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Key Principles for Effective Crisis Leadership

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Key Principles for Effective Crisis Leadership Joyce Gaufin, Executive Director Great Basin Public Health Leadership Institute April 5, 2006 Salt Lake City, Utah – PowerPoint PPT presentation

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Title: Key Principles for Effective Crisis Leadership


1
Key Principles for Effective Crisis Leadership
  • Joyce Gaufin, Executive Director
  • Great Basin Public Health
  • Leadership Institute
  • April 5, 2006
  • Salt Lake City, Utah

2
  • Year-long program in advanced leadership skills
  • 75 Graduates 39 new scholars
  • Member of the National Public Health Leadership
    Development Network
  • Faculty of national and local experts
  • Incorporates on-site training, distance learning,
    self-study,
  • and delivery of a project

3
3/01/06 to 5/20/06 5/21/06 to 5/24/06 5/25/06 to 10/7/06 10/8/06 to 10/11/06 10/12/06 to 3/24/07 3/25/07 to 3/28/07
Selection and Pre-course work Daniels Summit, UT First On-Site Interview With A Leader (presentation at Lake Tahoe) Lake Tahoe, NV Second On-Site Interim Projects and Conference Calls (CC) Springdale, UT Zion National Park Third On-Site
Notice of Acceptance Orientation to Program Project Work and Coaching Agreements Emotional Intelligence and Crisis Leadership Ethics in Public Health (on-line course) The Future of Public Health Leadership in the New Era
Return signed agreements LPI Feedback Learning About Self (360 surveys) Measuring Improving Organizational Values (CC) The Collaborative Leader Building Successful Partnerships Project Work and Coaching Calls Communicating Public Health, including risk communication
Orientation Conference Call Getting Ready to Learn Individual Coaching and Personal Action Planning Follow up on Systems Thinking and Change Management (CC) Performance Management Systems for Public Health Finish Reading Leadership Without Easy Answers Creativity and Risk Taking
Distribution of Leadership Practices 360º surveys Team Exercises/ Challenges Short Reading Assignments Advanced Negotiation Skills Ethics in Public Health (CC) Effective Use of the Political Process
Text The Leadership Challenge Systems Thinking and Change Management Leadership Without Easy Answers (book distributed) Peer Project Coaching Leadership Without Easy Answers (CC) Coaching and Mentoring Skills for PH Leaders
Inspirational Leadership Conflict Resolution Short Reading Assignments Final Project Presentations
Introduction to Projects Work/Life Balance for Success Graduation Ceremony
Introduction to Leader Interviews Interview With a Leader Reports
On-site
4
The Need for Skilled Crisis Leaders
  • Acute threats natural and human-caused
  • A crisis causes dramatic systems change
  • There are differences between management and
    leadership
  • A crisis will affect multiple systems there is a
    need to manage conflicting goals, values, and
    responsibilities

5
Overview (continued)
  • In addition to the impact on the population
    affected, there are workforce changes
  • What is the impact on people?
  • Need to have multiple and flexible plans
  • Crisis leaders must be able to influence others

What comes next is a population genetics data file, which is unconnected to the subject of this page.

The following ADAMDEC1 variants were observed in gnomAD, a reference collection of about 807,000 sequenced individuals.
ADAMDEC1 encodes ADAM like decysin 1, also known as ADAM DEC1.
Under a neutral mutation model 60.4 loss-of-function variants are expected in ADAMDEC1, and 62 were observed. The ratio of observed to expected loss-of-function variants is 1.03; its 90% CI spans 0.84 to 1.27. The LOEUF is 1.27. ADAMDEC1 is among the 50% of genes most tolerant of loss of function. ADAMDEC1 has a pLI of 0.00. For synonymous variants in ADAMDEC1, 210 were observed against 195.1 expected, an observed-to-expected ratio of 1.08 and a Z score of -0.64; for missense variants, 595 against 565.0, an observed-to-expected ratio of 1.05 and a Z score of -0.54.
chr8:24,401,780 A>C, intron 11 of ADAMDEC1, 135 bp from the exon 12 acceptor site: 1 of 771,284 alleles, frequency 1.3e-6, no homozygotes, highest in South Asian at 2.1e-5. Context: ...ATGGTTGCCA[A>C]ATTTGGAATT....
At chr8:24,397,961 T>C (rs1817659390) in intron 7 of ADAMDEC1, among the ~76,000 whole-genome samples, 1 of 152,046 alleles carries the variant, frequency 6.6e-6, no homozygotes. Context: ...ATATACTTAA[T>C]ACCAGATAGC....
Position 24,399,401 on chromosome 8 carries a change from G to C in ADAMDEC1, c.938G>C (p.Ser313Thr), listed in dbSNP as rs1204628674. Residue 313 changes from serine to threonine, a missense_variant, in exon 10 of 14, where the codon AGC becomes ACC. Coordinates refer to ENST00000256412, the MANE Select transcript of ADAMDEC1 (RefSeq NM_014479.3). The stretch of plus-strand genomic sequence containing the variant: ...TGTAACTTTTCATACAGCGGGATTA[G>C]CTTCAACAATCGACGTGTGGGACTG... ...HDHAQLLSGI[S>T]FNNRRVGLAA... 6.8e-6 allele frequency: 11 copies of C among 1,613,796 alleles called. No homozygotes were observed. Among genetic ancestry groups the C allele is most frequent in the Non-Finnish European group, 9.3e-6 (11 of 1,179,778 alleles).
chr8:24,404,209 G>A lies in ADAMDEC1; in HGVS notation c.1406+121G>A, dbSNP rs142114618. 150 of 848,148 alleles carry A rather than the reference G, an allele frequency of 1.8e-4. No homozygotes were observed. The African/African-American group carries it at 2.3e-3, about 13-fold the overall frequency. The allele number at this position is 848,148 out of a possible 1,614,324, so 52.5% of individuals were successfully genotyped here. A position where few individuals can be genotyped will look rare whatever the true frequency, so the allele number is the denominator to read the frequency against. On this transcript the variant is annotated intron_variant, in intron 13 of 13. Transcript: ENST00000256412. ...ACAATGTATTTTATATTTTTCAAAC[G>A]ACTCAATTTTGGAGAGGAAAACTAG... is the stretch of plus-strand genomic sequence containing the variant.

in a positive way they cant rely on title or
    position alone

6
Establishing Crisis Competencies
  • Comprehensive set of over 27 leadership
    competencies
  • EMS already has a well-defined plan for operating
    during emergencies ICS
  • Leaders from all groups should become familiar
    with their local Incident Command System
  • Crisis Leadership Cycle Before, during, and
    after an event

7
Essential Leadership Skill Set
  • Collaborative leadership
  • Systems thinking
  • Creativity
  • Emotional intelligence
  • Risk communication
  • Influence and negotiation
  • Conflict management

8
Leadership is Complex
  • No one is given a set of directions or a plan
  • Failure is not an option
  • Leaders take into account the totality of systems
  • Leaders are held accountable for outcomes
  • People are both predictable and unpredictable
  • Leadership skills must be honed and sharpened
  • Leadership exists at all levels of an organization

9
Defining/Measuring Crises
  • A crisis can happen any time, any where, to any
    organization or community
  • Some are predictable others come unannounced
  • Characterized by a high degree of instability
  • Carry potential for extremely negative results
  • Brings about dramatic change

10
9/11/01 The day that changed everything
11
(No Transcript)
12
SARS and Pandemic Flu
13
Dammeron Fire Complex, Southern Utah, July, 2005,
photo by K. Sharkey
14
Organizational Crisis Scenarios
  • Hostile take-over (change in political group in
    power)
  • Financial catastrophe (budget reductions loss of
    grants)
  • Loss of facilities/resources
  • Employee sabotage/ violence
  • Executive scandal/defection
  • Strike/boycott
  • Act of war
  • Natural disaster
  • Industrial accident
  • Terrorism

15
Comparing ICS with Crisis Leadership
  • Incident Command System
  • Command
  • Control
  • Coordination
  • Highly structured clear roles and
    responsibilities
  • Training and exercises are conducted regularly
  • Crisis Leadership
  • Leadership isnt just about title or position
  • Leadership skills can be learned/honed
  • Communication
  • Clarifying vision and values
  • Caring

16
Leaderships Role in a Crisis
  • Leaders set the tone by their example and conduct
  • Leaders must pay attention to the components of
    influence
  • Leaders can have a significant positive impact on
    the very human, emotionally charged climate
  • Leaders cannot rely only on authoritarian or fear
    tactics to get results during a crisis

17
Reference Book
  • Crisis Leadership Using Military Lessons,
    Organizational Experiences, and the Power of
    Influence to Lessen the Impact of Chaos on the
    People You Lead
  • Gene Klann, Ph.D., Center for Creative
    Leadership, 2003
  • Use of key influencing skills/tactics to help
    people before, during and after crisis

18
Its like a war zone out there!
  • The militarys single peacetime focus is
    preparing for combat, the ultimate crisis
    situation because it involves life and death. A
    major element of the militarys training teaches
    soldiers how to deal with the range of emotions
    they will experience before, during, and after
    combat. These emotions generally include horror,
    apprehension, grief, rage, revenge, loneliness,
    sadness, repulsion, vigilance, anguish, and
    guilt. Military leaders know these emotions will
    be experienced and must be controlled or the
    soldiers will not be able to function on the
    battlefield.
  • Combat leaders must learn to deal with their
    own emotions as well as with the emotions of the
    soldiers under their charge. This is the same
    challenge civilian leaders face during a crisis,
    and they can expect the same kinds of emotional
    chaos to flow over the people in their
    organization and themselves.
  • Crisis Leadership, by Gene Klann,